Hana Highway
We arrived at the Kahului airport on the island of Maui late in the morning. We'd heard that the Hana Highway is one of the most interesting drives in the world. We were not disappointed. After loading up our gear into the rental car, we proceeded down the highway through pineapple and sugar cane fields. Our first stop was in the small town of Pa'ia to buy essentials including the Maui Revealed: The Ultimate Guidebook. We liked the Hawaii: The Big Island Revealed guidebook so much that we decided to get the one for Maui. We also bought the Road Guide which is available free online.
We also stopped just north of Pa'ia at Ho'okipa Lookout (mile maker 9) to watch surfers. For more information on Hawaii surfing, check out the Hawaii Surfing News. We also saw a few wind surfers. There's always wind on Maui, so they can always find good weather conditions for wind surfing. The view was beautiful . . . looking out into the surf with the mountains in the background.
The highway trek was fun. Our guidebook said "if you're in a hurry to get to Hana, you're missing the point." With a mix of hairpin turns and one lane bridges, the drive was an adventure. We've always enjoyed mountain and coastal drives, so the driving wasn't a problem. Other than the locals in their small pickups, most drivers were honeymooners in rented convertibles. We teased that their trip would probably be spoiled by sunburned heads. Rather than stopping at the hot tourist stops, we selected more secluded falls and overlooks. If you want to see the falls, it's a good idea to get the 'Ultimate' guidebooks. Hawaii has very poor signage and you'd miss everything but tourist traps without a good guide. The trails along the road to the falls are short, so they make a good place to stop and relax. You can't see everything, so keep moving and enjoy some of the falls from the roadway.
Coastal Trail at
We particularly enjoyed the Wai'anapanapa (Why-A-Nah-Pah-Nah-Pah) Black Sand Beach State Park (mile marker 32). With trails along the coastline leading to blowholes, arches, a black beach, and temple ruins, it was a great place to spend the afternoon. The three pictures above show the coastal trail, a blowhole, and surf & beach.
The trail is part of an old system built by King Kihapi'ilani in the 1500s. It was paved with smooth stream stones all around Haleakala.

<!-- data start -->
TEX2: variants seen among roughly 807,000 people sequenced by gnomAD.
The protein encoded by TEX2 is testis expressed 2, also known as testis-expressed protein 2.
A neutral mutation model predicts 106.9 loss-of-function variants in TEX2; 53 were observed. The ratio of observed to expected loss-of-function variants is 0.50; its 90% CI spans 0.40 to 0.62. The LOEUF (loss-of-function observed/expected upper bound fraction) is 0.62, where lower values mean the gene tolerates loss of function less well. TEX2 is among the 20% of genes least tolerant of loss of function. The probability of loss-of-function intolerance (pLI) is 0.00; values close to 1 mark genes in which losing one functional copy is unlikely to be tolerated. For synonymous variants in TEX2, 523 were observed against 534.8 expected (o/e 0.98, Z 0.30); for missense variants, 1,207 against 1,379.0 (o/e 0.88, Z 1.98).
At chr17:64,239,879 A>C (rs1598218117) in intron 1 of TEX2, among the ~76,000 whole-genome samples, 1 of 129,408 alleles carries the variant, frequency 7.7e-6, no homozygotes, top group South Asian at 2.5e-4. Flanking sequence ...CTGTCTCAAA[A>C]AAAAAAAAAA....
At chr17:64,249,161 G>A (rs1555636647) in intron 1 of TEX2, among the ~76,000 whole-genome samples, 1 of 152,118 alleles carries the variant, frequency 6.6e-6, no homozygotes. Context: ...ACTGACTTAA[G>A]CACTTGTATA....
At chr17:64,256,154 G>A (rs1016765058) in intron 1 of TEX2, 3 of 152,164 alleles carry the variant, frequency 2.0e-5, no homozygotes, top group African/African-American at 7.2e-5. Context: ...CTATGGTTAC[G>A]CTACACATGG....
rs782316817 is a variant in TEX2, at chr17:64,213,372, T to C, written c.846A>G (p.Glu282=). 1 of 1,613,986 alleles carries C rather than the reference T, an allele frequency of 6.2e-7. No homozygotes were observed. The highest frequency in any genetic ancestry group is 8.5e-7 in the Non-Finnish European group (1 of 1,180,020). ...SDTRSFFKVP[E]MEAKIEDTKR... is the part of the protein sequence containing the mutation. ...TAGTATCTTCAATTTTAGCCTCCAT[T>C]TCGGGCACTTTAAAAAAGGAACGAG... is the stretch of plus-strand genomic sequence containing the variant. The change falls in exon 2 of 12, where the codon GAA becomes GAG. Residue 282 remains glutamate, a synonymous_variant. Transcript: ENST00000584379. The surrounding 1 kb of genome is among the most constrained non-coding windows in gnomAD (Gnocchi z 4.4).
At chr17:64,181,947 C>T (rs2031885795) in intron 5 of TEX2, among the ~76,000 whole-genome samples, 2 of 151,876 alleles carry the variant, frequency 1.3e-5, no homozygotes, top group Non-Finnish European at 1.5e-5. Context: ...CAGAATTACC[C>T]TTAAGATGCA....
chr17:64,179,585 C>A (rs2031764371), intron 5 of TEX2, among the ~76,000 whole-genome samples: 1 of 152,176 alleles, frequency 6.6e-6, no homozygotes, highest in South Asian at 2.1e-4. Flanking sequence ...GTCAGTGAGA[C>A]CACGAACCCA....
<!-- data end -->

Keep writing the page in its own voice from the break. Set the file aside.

Annette finds a climbing tree

The bright, lime green plants were a beautiful contrast to the black volcanic rock. With their above ground root system and low, strong branches, Annette found that the screw pine trees (hana trees) were a perfect height for climbing. We spent lots of time crawling around the rocks; photographing and videotaping the waves crashing against the rugged shoreline.

The highlight of the park is its black beach. The beach is made of lava that shattered when coming into contact with the ocean. Fragments are still being crushed to form the sand but unlike coral beaches, this one will probably vanish into the sea.

The beach was made of a fine black sand, along with smooth black rocks. It was fun to people-watch at the beach. We enjoyed the music of a honeymoon couple playing the ukulele, a woman practicing Tai-Chi, and some guys watching driftwood float with the surf and tide.
A small heiau (temple) was discovered down the trail from the beach overlooking a cliff. Ahus (small piles of rock forming a pyramid) can be found on the overlook along with a bench and cross. We also saw many rocks wrapped in ti leaves that were left as offerings.
Annette and Larry
on the coastal trail
The guidebook suggested spending the night in Hana rather than speeding along the highways and missing the sights. Unfortunately the accommodations in Hana were very limited. We decided to skip the expensive hotel and check out the cabins at the Wai'anapanapa Black Sand Beach State Park. We assumed that they would be booked, but we thought we'd give it a try since it was a weekday during off-season. We were excited to hear that a cabin was available. When we asked about linens, we were told that there would be a sheet and blanket, but no pillows. We improvised a long pillow by rolling a blanket in a sheet. Other than a film of greasy dust in the corners of the kitchen, a little scum in the bathroom, and a few cute geckos, the experience was fun. Below you can see Larry downloading digital pictures to the laptop (yes, we carry our computer everywhere) and Annette checking out the guidebook. The middle picture shows a view from the cabin.
We found the Hawaii state parks in dire need of cleaning, restoration, and general TLC. The garbage cans were overflowing, the roads in disrepair, the signage was poor, and there was an overall feeling of overuse. The cabins were truly 'rustic.' But it was a great way to spend a night in the coastal woods, listening to the sound of palms and surf. At supper time we headed into town.
The guidebook said the best food in town was "whatever you brought with you", so we didn't even look for a restaurant. Instead we bought a frozen pizza at the small local grocery store and headed back to the cabin. The cabin came with a kitchen that included a refrigerator and stovetop -- unfortunately there was no oven. Again we improvised by making a double broiler-type oven with a combination of pans and a lid on the stovetop and somehow cooked our pizza - - one slice at a time.
More Information?
GORP: Hana Highway
Maui's Fantastic Hiking
State Parks on the Island of Maui

Created by Annette Lamb and Larry Johnson, 12/00
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